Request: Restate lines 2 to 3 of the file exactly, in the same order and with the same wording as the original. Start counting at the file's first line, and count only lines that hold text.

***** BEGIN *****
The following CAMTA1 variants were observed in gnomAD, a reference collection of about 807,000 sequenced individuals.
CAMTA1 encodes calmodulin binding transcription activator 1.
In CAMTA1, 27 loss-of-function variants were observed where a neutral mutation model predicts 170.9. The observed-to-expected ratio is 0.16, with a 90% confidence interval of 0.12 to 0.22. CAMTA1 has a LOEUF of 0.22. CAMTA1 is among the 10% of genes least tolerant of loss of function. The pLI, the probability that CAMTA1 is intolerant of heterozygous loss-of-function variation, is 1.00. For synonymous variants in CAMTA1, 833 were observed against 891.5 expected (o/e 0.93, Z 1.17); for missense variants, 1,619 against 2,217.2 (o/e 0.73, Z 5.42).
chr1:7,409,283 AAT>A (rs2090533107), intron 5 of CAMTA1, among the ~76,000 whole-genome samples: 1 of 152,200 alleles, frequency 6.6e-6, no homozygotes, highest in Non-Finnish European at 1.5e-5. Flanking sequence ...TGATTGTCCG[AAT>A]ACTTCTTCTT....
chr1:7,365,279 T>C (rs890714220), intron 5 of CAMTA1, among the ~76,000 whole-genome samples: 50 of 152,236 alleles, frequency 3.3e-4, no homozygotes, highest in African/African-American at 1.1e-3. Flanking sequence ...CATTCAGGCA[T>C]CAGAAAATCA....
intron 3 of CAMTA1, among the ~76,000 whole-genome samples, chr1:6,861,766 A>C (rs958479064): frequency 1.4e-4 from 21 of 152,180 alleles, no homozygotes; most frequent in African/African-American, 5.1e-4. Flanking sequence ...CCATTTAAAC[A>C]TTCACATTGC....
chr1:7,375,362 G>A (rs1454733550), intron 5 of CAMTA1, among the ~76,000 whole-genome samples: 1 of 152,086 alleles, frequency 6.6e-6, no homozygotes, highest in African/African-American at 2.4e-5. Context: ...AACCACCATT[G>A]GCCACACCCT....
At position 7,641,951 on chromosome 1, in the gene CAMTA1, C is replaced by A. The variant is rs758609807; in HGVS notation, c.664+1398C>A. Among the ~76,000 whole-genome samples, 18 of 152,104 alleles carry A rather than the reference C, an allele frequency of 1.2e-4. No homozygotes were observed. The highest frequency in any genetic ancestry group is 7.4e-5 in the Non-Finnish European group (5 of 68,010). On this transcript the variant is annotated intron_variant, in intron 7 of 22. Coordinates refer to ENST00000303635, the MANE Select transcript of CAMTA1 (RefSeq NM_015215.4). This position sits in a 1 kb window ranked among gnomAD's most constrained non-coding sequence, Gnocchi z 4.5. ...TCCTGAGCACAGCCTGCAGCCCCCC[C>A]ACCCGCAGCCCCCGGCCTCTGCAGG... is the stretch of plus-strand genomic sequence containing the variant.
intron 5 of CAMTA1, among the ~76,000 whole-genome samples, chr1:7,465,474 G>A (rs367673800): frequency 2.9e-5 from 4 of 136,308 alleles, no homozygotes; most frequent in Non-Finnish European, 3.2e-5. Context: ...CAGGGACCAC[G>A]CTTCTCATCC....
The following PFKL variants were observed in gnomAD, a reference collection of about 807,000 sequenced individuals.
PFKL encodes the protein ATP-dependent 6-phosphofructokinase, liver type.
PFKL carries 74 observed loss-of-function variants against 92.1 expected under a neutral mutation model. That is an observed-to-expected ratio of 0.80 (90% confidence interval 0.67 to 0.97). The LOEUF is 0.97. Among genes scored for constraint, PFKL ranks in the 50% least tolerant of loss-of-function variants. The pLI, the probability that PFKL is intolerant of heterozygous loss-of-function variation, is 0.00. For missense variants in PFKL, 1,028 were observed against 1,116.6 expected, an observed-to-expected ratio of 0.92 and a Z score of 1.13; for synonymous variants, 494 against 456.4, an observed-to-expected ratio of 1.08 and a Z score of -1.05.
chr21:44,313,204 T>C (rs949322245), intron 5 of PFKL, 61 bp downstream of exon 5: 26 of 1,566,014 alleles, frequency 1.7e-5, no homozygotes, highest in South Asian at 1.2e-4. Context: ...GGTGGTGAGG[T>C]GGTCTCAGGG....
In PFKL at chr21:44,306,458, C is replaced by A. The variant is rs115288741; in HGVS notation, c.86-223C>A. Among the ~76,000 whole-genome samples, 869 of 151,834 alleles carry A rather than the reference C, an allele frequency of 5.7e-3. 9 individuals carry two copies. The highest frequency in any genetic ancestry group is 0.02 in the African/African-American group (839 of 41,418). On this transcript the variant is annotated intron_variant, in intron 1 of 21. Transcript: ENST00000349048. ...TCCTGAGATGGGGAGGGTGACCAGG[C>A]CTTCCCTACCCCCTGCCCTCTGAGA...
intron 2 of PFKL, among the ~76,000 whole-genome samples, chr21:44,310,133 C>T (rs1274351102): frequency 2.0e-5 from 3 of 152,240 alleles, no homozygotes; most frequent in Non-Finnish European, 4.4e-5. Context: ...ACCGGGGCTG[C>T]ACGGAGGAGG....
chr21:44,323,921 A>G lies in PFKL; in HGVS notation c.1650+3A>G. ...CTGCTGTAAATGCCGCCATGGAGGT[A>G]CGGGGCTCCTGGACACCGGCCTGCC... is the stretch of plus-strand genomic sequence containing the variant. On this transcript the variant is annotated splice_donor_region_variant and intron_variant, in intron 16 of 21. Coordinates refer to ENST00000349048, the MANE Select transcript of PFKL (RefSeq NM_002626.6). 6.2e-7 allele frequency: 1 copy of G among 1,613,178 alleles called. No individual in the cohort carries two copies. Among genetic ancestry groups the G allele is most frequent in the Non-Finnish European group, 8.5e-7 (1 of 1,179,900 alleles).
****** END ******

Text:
CAMTA1 encodes calmodulin binding transcription activator 1.
In CAMTA1, 27 loss-of-function variants were observed where a neutral mutation model predicts 170.9. The observed-to-expected ratio is 0.16, with a 90% confidence interval of 0.12 to 0.22. CAMTA1 has a LOEUF of 0.22. CAMTA1 is among the 10% of genes least tolerant of loss of function. The pLI, the probability that CAMTA1 is intolerant of heterozygous loss-of-function variation, is 1.00. For synonymous variants in CAMTA1, 833 were observed against 891.5 expected (o/e 0.93, Z 1.17); for missense variants, 1,619 against 2,217.2 (o/e 0.73, Z 5.42).